Volume 45 - Article 2 | Pages 17–54

Unpacking intentions to leave the parental home in Europe using the Generations and Gender Survey

By Katrin Schwanitz, Francesco Rampazzo, Agnese Vitali

Print this page  Facebook  Twitter

 

 
Date received:31 Jul 2020
Date published:06 Jul 2021
Word count:7303
Keywords:intention formation, intentions, leaving home, theory of planned behavior
DOI:10.4054/DemRes.2021.45.2
Updated Items:The originally published version contained a wrong graphic for Figur 4. This mistake was corrected on July 7, 2021.
 

Abstract

Background: Comparative research has shown considerable cross-national differences in the age at leaving the parental home across Europe. Intentions to leave home might help to shed light on such marked heterogeneity in patterns of home-leaving.

Objective: We address to what extent personal preferences (measured by attitudes), normative pressure (measured by subjective norms), and structural barriers (measured by perceived behavioural control) are linked to leaving-home intentions. We also address whether such associations vary by country, gender, and age.

Methods: We use data for 12 European countries from the first wave of the Generations and Gender Survey. The sample is composed of young adults (aged 18 to 34) who had never left the parental home for at least three months after age 16 (N = 10,457). We employ multi-group factor analysis and binary logistic regression models to (1) compare the distribution of estimated means, variances, and correlations of attitudes, subjective norms, and perceived behavioural control towards leaving home and to (2) analyse the interactions between these three latent factors and country, sex, and age.

Results: The analyses show a North–West/South–East divide in leaving-home intentions among young adults and a large variation in the estimated means of attitudes, subjective norms, and perceived behavioural control across the 12 countries. Our analyses also overall confirm the relevance of these three factors as drivers for young adults’ leaving-home intentions – even when controlled for sociodemographic variables and interactions with country, sex, and age.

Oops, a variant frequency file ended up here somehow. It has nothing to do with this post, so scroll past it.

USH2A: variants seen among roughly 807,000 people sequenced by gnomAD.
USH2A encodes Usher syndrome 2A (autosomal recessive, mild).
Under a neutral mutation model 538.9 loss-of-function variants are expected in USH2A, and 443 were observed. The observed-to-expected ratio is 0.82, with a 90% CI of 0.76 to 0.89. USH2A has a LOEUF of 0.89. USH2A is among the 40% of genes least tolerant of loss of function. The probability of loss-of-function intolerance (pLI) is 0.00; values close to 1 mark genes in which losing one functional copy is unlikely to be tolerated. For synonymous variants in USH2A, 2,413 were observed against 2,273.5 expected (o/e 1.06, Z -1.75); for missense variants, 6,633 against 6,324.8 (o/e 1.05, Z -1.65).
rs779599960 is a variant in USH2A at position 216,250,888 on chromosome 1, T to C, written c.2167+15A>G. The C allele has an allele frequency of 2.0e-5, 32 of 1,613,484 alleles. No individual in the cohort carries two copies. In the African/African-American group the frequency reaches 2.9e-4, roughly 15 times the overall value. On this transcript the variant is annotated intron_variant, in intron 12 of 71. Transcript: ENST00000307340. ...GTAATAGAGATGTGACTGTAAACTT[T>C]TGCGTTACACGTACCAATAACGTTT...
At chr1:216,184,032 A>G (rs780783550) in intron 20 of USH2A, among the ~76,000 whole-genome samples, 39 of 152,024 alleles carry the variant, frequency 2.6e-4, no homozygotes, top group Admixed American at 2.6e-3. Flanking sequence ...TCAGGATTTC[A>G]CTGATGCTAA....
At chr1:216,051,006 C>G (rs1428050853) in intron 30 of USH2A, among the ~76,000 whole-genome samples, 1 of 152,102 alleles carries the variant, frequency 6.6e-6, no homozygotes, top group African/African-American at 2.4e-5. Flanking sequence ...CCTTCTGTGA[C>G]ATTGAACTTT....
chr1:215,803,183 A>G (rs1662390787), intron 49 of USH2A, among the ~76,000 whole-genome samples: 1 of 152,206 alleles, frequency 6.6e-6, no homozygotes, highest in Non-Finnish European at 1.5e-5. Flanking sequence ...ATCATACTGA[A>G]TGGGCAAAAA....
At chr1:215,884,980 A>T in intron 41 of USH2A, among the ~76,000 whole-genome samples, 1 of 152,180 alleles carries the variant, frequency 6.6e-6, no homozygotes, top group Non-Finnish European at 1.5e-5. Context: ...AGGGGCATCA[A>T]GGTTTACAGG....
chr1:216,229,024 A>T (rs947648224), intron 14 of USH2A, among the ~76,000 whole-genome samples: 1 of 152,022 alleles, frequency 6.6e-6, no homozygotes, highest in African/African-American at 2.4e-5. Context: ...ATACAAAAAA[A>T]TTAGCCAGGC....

Contribution: The paper contributes to the literature by providing a cross-national comparison of leaving-home intentions.

Author's Affiliation

Katrin Schwanitz - Tallinna Ülikool, Estonia [Email]
Francesco Rampazzo - University of Oxford, United Kingdom [Email]
Agnese Vitali - Università degli Studi di Trento, Italy [Email]

Other articles by the same author/authors in Demographic Research

» Retraditionalisation? Work patterns of families with children during the pandemic in Italy
Volume 45 - Article 31

» Gendered intergenerational time transfers in Estonia
Volume 44 - Article 34

» Differences in leaving home by individual and parental education among young adults in Europe
Volume 37 - Article 63

» Using Twitter data for demographic research
Volume 37 - Article 46

» Who brings home the bacon? The influence of context on partners' contributions to the household income
Volume 35 - Article 41

» Youth prospects in a time of economic recession
Volume 29 - Article 36

Most recent similar articles in Demographic Research

» When partners’ disagreement prevents childbearing: A couple-level analysis in Australia
Volume 44 - Article 33    | Keywords: intentions

» Leaving home in 19th century England and Wales: A spatial analysis
Volume 39 - Article 4    | Keywords: leaving home

» Differences in leaving home by individual and parental education among young adults in Europe
Volume 37 - Article 63    | Keywords: leaving home

» How kinship systems and welfare regimes shape leaving home: A comparative study of the United States, Germany, Taiwan, and China
Volume 36 - Article 38    | Keywords: leaving home

» Age norms, family relationships, and home leaving in Italy
Volume 36 - Article 9    | Keywords: leaving home